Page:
OPINION: Stuart Elliott in America

There was a novelty song in the 60s called The Name Game, centred

on a rhyming scheme that had Americans chanting merrily to each other

such nonsense as: "Nick, Nick, Bo Bick, Banana Fanna Fo Fick, Fee Fi Mo

Mick, Nick!"

Those wacky words were conjured up recently when a giant agency played a

name game of its own - or, more precisely, stopped playing name games

and took the sensible step of once again calling a spade a spade.

The agency is the direct marketing division of Young & Rubicam, which

for the past year or so has gone by the moniker Impiric. Effective 1

June, it has been rechristened Wunderman after Lester Wunderman, the

direct marketing pioneer who founded a shop that later became part of


What is an Impiric? Good question. The name was one of those coined

words meant to suggest an enterprise is futuristic and forward-thinking,

so beloved by corporate- and brand-identity consultants. Never mind the

clients that rebranded themselves with names such as Allegis, Novartis

and Accenture, just look at this list of coined names along Madison

Avenue: Bcom3, Cordiant, Digitas, Empower MediaMarketing, Grafica,

Incepta, Omnicom and Zipatoni.

In this instance, Impiric was intended to play off the word "empiric",

one who is guided by empiricism, the belief that experience,

particularly of the senses, is the true source of knowledge. Makes sense

for an agency specialising in direct marketing, no? Especially as that

agency was trying to transform itself under a new chief executive, Jay

Bingle, into a shop devoted to customer relationship marketing. The

experience a customer has with a product helps determine whether he or

she remains loyal to that product or defects to the competition.

So out went the name Wunderman Cato Johnson, which reflected the

evolution of the agency that Lester Wunderman opened in 1958, and in

came Impiric. Soon after, though, out went the internet boom and in came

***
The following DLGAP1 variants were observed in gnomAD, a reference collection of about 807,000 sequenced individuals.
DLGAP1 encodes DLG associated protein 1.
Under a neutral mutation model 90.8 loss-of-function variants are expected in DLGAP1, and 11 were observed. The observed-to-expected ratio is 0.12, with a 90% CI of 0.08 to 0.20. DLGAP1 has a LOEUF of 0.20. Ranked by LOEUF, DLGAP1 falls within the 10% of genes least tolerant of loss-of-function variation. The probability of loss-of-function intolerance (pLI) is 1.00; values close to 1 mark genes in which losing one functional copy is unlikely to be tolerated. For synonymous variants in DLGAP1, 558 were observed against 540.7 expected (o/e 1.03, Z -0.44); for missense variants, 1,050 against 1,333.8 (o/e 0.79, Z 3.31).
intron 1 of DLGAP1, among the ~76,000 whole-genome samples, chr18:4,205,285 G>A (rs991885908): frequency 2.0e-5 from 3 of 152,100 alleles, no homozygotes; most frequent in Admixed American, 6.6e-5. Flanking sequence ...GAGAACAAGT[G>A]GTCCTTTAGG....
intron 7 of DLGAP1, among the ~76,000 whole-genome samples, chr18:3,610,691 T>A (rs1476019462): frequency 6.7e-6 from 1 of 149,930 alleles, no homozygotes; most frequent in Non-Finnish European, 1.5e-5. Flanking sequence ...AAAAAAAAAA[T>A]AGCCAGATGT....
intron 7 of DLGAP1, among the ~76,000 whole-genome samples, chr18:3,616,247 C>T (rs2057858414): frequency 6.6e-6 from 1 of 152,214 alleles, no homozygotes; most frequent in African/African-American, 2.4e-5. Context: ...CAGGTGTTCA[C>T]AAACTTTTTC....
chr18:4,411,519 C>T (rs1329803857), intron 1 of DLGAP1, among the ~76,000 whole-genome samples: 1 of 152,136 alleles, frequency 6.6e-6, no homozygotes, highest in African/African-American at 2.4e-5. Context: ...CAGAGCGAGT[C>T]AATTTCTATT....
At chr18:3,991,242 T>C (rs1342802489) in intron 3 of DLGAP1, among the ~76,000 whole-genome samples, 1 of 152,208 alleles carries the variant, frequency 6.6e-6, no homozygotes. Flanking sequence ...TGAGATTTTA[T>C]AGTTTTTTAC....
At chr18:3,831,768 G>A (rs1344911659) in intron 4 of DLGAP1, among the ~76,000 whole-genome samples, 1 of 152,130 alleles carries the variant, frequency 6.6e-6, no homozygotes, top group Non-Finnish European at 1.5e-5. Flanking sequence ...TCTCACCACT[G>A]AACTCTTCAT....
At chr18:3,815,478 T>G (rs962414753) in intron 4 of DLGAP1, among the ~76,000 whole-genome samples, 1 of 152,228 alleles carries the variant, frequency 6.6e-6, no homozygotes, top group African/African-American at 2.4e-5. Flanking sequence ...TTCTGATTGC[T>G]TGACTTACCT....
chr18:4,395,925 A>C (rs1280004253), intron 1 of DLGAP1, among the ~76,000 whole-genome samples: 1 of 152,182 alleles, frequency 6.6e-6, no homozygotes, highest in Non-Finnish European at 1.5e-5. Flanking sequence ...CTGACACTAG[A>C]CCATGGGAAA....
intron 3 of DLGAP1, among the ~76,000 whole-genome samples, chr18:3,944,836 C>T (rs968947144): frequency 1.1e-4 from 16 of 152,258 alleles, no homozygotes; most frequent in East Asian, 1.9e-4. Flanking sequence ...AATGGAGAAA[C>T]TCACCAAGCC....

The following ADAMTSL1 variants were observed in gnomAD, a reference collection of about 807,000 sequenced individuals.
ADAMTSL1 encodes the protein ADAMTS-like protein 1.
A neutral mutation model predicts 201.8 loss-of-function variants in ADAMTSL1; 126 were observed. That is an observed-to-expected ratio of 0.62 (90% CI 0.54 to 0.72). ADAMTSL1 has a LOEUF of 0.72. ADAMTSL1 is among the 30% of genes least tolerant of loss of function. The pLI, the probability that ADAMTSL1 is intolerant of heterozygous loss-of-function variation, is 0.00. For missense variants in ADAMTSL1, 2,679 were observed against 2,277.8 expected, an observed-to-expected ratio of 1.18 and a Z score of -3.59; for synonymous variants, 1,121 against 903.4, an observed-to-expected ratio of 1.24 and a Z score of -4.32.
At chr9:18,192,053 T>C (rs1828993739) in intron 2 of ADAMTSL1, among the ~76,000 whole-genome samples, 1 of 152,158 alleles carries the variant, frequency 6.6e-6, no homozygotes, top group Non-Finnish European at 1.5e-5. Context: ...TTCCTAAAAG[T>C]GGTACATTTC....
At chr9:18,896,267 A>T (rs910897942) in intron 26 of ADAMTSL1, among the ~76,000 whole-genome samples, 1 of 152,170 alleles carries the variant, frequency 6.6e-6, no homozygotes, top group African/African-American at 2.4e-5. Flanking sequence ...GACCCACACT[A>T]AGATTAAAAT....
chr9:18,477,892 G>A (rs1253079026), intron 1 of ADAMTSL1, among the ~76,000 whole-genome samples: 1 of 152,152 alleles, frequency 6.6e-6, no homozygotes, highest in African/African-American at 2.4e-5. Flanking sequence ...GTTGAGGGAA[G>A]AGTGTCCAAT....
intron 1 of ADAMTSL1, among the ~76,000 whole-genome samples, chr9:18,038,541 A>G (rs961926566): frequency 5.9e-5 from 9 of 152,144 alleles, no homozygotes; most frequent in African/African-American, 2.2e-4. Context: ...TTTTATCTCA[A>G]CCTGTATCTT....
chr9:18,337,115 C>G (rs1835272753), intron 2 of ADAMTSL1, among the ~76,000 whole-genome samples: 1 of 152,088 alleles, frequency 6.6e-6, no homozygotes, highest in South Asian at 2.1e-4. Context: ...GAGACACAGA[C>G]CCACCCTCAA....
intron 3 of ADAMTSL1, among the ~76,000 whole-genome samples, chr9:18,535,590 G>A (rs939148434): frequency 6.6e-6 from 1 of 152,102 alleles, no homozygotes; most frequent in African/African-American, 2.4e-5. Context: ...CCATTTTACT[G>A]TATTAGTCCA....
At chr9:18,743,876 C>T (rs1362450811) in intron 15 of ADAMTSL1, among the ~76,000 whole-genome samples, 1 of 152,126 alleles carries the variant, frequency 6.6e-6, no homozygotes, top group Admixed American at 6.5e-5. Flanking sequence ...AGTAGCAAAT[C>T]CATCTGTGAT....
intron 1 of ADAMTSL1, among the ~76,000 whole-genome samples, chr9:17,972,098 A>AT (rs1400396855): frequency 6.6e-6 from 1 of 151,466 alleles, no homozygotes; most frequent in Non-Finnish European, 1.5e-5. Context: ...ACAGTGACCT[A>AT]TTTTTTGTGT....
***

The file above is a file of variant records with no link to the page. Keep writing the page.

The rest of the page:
the dotcom collapse, ushering in a period of reconsideration when

ethereal names began to fall out of favour.

It also became evident the Impiric name was working against the agency

in another way, by sowing confusion. Moving beyond a fusty past is fine,

but the new name was so much of a disconnect that potential clients

wound up with little or no idea they were being pitched by an agency

with more than four decades of experience.

And no doubt some believed the switch implied that Lester Wunderman had

gone the way of Batten, Barton, Durstine and Osborn, joining them in

that big agency in the sky. Actually, he is alive and well at age 80 and

serves as chairman emeritus of the agency.

For all those reasons, Impiric started sounding like "Pyrrhic", a

perception that built with the departures of Bingle and Chris Cooney,

the executive vice-president of global marketing and communications who

quarterbacked the identity makeover. So the sigh of relief could be

heard all the way to the London headquarters of WPP, parent of Y&R, when

the decision was made to send Impiric packing and rebrand it as


Michael Dolan, chairman and chief executive of Y&R, was savvy enough to

offer an appropriately humble quotation to the media seeking a rationale

for the renaming. "Sometimes the smartest way to move forward," he said,

"is to take a step back."

Way to go, Michael ... Michael, Michael, Bo Bichael, Banana Fanna Fo

Fichael ...